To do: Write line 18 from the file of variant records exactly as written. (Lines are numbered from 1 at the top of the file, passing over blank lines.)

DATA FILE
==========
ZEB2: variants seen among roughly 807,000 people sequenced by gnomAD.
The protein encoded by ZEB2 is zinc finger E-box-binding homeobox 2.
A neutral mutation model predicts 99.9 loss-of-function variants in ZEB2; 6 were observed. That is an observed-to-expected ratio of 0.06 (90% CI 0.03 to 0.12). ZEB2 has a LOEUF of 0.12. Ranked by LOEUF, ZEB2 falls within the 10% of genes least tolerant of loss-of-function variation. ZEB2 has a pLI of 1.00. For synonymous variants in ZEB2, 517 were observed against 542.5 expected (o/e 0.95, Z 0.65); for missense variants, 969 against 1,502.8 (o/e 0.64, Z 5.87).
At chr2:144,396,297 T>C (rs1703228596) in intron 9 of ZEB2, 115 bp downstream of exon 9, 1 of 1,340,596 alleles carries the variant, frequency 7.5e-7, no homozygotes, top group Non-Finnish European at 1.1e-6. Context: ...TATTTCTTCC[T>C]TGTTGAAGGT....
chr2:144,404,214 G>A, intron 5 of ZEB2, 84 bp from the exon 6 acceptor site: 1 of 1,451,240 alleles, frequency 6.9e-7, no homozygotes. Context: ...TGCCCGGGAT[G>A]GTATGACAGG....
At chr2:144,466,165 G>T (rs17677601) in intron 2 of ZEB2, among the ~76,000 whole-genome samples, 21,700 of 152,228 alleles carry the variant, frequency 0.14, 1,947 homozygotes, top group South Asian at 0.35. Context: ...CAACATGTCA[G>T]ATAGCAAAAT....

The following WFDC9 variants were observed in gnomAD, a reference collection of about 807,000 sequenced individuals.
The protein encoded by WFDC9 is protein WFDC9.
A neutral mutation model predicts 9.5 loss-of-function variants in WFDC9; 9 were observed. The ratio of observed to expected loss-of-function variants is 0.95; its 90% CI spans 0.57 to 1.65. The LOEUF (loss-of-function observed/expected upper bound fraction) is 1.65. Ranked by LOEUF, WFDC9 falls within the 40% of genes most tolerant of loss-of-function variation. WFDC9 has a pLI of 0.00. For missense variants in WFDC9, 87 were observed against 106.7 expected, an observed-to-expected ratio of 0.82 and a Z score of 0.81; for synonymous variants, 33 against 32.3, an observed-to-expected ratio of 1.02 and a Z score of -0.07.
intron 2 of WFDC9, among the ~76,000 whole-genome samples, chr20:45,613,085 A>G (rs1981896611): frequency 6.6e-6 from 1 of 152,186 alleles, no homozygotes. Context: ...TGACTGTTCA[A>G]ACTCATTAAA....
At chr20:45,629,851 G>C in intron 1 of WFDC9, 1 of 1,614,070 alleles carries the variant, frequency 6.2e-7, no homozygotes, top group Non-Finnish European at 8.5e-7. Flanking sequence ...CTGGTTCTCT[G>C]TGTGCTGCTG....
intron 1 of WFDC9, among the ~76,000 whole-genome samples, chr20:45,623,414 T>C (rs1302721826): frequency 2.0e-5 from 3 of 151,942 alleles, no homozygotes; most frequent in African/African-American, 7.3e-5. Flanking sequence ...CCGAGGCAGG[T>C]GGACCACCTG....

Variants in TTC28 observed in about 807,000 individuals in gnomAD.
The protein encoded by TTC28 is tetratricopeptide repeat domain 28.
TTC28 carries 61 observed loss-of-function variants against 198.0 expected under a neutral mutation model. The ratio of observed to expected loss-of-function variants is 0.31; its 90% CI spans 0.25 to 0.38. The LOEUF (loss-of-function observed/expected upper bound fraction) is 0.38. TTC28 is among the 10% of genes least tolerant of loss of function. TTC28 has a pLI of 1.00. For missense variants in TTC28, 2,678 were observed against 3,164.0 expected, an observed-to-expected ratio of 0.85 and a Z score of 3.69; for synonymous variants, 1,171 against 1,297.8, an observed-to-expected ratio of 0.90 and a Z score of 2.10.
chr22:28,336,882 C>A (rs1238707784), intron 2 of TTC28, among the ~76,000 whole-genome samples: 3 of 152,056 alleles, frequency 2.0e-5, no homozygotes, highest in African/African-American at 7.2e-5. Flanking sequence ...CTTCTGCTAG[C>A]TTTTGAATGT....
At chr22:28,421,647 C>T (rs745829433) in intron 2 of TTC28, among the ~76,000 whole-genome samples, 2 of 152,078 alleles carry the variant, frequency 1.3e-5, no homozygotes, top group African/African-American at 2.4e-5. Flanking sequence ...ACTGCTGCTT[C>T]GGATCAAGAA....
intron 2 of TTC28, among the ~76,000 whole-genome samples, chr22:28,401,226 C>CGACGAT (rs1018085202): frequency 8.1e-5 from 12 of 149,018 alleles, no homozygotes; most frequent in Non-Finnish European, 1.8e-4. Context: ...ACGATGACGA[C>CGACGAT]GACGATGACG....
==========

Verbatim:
intron 2 of TTC28, among the ~76,000 whole-genome samples, chr22:28,401,226 C>CGACGAT (rs1018085202): frequency 8.1e-5 from 12 of 149,018 alleles, no homozygotes; most frequent in Non-Finnish European, 1.8e-4. Context: ...ACGATGACGA[C>CGACGAT]GACGATGACG....